"Banker" isn't a bad word, but it sure doesn't feel that way right now. These days, for the first time since the Great Depression, bankers rank lower than lawyers for respect and integrity in national surveys.

The midterm elections were an expression of anger against Wall Street and big banks, and against Congress and the Obama administration for bailing them out.

Senior executives at one regional bank told me recently that they are facing anger, rude remarks and ostracism from their neighbors, friends and clients. Never mind the bank's pristine reputation for growth and community involvement — nor the part those executives had played in helping build wealth for their clients and the community. The Great Recession overshadows all. Wall Street and the banks are at the center of the blame, and bankers — regardless of their culpability — are viewed as part of the problem.

We all know why this is happening and, certainly, how that makes us feel. But do we know what to do about turning that perception around?

Before we get to that, here is a bit of context:

My parents grew up in the Midwest during the Great Depression. When I was growing up, they often told stories of that period — of bankers who sold apples on the corner or jumped from windows, unable to face their financial and reputational ruin. My own father, who grew up in a community banking family in Missouri, left college at 21 to close the family bank, selling the family's assets and borrowing to pay off all the depositors (this being before federal deposit insura nce was enacted). Our family's cardinal principles were integrity and reputation; my father could have closed the bank and left the depositors in the lurch, but he didn't. Instead, my family paid off every single depositor — and put themselves in debt to do it.

My father never finished his last semester of college. Instead, he worked to support his widowed mother and repay the debt. Years later, he became president of a community bank, where he held to those same principles. As his daughter, I grew up in a world where "banker" — a good word — meant service, integrity, community involvement and financial prudence.

Today most of the people working in financial services are "good bankers." But public opinion and media coverage of the worst of our industry has reflected on everyone. Trust is the basis for all financial systems, and it begins with individual integrity.

I have hope that, in time, the kind of integrity I learned growing up will be the salve that heals us. Here are a few ideas for getting back on track:

• Be honest with yourself about sharing blame for the financial crisis. This means acknowledging your role in making or facilitating suspect loans, not speaking up about bad practices or participating in programs such as NSFs that targeted vulnerable consumers. 

• Be honest and humble in dealing with your clients, co-workers, regulators and the public. Apologize, empathize and work to make things better. Simple acknowledgement of the role the industry played will go a long way toward re-establishing trust.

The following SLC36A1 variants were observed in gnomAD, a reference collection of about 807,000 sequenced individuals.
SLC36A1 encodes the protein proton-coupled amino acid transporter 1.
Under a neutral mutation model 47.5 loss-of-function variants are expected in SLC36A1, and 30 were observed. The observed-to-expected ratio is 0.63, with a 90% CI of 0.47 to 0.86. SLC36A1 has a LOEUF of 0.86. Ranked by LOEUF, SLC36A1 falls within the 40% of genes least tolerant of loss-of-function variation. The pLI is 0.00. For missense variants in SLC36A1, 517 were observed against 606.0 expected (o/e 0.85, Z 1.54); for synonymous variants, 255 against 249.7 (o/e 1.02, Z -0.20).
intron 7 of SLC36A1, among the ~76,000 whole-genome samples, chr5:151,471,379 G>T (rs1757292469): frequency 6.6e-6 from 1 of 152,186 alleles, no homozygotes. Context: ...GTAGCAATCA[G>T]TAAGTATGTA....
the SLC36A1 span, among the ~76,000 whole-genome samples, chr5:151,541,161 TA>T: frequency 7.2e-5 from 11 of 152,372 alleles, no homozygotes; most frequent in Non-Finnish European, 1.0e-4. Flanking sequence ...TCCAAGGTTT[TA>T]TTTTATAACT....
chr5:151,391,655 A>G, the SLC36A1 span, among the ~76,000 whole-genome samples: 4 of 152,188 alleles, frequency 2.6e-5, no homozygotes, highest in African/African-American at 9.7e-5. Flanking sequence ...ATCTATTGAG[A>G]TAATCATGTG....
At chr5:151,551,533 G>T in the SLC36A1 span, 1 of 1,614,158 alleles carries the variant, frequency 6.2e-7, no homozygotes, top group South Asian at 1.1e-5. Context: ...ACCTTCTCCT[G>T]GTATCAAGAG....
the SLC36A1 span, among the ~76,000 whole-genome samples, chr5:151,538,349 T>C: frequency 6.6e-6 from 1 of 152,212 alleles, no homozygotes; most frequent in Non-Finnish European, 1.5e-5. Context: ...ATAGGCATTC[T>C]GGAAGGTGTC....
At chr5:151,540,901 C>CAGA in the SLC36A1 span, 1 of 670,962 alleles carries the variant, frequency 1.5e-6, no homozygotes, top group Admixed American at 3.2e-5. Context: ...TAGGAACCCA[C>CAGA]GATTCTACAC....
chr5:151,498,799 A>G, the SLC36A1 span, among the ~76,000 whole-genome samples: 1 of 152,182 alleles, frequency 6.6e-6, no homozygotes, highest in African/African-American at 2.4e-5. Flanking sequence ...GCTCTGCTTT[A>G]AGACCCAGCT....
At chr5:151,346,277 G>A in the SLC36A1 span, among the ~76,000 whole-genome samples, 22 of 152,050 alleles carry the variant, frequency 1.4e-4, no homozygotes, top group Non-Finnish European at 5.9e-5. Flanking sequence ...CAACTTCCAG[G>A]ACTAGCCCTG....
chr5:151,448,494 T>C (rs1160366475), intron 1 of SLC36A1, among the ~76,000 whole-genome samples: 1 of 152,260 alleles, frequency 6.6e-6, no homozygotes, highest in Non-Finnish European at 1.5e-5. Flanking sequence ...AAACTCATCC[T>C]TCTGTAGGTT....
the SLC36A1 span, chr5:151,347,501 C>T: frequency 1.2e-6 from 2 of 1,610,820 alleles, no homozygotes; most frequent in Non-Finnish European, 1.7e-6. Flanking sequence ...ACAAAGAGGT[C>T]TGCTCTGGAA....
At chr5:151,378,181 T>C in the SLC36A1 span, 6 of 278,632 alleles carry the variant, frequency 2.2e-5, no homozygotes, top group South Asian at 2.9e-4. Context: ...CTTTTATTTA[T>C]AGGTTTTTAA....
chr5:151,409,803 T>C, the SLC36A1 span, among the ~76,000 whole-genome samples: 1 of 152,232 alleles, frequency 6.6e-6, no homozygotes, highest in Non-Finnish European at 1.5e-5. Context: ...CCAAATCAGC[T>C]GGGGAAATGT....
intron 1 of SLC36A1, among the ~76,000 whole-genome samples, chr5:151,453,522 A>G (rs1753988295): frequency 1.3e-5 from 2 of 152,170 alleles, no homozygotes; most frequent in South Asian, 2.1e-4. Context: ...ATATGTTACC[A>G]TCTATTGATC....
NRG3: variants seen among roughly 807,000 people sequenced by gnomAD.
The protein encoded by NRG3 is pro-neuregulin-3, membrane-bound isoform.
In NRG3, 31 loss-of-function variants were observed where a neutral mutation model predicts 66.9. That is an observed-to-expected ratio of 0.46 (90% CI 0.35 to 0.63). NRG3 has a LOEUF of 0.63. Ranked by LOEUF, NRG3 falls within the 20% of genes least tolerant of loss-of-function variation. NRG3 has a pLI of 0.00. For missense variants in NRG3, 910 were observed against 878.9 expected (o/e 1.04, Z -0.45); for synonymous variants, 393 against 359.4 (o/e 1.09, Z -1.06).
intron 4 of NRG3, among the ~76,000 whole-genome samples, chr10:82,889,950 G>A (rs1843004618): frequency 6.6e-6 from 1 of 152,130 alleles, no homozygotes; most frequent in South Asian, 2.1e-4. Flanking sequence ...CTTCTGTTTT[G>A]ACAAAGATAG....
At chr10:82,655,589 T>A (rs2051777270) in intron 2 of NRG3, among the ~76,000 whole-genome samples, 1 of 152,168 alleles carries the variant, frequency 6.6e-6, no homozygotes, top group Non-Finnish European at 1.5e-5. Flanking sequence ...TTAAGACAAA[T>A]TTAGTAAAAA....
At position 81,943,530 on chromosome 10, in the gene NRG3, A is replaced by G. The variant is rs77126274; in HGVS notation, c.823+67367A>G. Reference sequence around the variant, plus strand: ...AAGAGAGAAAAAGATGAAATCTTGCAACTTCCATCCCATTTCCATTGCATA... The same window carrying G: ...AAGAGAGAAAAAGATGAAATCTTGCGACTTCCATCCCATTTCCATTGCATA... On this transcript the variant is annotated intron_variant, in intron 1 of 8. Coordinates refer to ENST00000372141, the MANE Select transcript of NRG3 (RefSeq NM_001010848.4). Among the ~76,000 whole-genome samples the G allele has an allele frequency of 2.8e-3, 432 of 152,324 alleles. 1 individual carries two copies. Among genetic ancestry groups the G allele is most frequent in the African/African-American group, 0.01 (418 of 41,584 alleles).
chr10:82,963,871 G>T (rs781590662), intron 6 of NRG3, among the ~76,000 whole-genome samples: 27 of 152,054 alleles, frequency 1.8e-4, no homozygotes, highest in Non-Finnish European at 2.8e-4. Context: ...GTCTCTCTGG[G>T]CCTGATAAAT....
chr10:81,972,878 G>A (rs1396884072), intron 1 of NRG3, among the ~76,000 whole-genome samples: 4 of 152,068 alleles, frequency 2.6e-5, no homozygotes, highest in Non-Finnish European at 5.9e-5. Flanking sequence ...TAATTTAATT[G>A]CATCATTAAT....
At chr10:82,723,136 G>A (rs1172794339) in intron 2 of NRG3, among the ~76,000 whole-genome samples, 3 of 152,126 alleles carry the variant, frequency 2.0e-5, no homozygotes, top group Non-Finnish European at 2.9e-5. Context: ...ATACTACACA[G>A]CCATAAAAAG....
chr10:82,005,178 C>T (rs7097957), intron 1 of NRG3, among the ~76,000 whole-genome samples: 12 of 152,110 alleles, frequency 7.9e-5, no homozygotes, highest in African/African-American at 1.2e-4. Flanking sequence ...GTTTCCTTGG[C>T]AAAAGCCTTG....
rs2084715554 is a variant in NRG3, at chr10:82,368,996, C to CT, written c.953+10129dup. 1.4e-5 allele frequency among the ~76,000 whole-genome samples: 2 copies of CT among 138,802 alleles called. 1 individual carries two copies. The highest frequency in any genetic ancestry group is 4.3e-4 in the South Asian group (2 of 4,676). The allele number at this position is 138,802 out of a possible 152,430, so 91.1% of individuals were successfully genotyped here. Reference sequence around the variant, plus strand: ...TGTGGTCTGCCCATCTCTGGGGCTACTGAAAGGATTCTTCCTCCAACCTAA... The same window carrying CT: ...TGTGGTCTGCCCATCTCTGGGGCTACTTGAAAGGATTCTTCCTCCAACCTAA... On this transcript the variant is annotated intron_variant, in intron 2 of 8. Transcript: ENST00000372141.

• Actively support financial reforms at the national, local and firm level to address the practices that contributed to the financial crisis. Support best practices, be respectful of regulators, contribute to industry association policies and best practices and be proactive with the media. Though it is true that some regulations are better than others, a "no regulations" stance undermines the precious little trust consumers do have in the financial services system. The same can be said about the new consumer protection agency: Though it may not be ideal for your institution, public criticism of government efforts to curb risk can easily be construed as anti-consumer. 

• Help your customers get their financial footing with consumer literacy programs, loan modifications, counseling and mentoring. Check your programs, products and services to ensure they really do serve consumers' best interests. 

• Be proactive in your community by helping people who are unemployed and in need. Offer career counseling, part-time jobs, education or whatever is needed to acknowledge and address their problems. Form partnerships with community foundations and food depots to help victims of the recession get back on their feet. 

• Create a culture of service, thoughtfulness and integrity within your company and its individual departments. One person can make a difference. Start with incentives, training, rewards, recognition and counseling. 

• Develop internal programs for your employees. Problems such as internal fraud emerge primarily from disgruntled and angry employees. Understand that the crisis affects them, too. 

• Acknowledge the impact the recession has had on your own family and on your own sense of purpose. Talk with your spouse and children about what happened and what you, personally, as well as your company, are doing to help make things better.

Negative perceptions will linger as long as the economy flounders. While this continues, the ideas above can help re-establish trust and your own personal relationships.

This is not only being a good corporate citizen; it is also good business. The word "banker" is not a bad word. Together, we can prove it.

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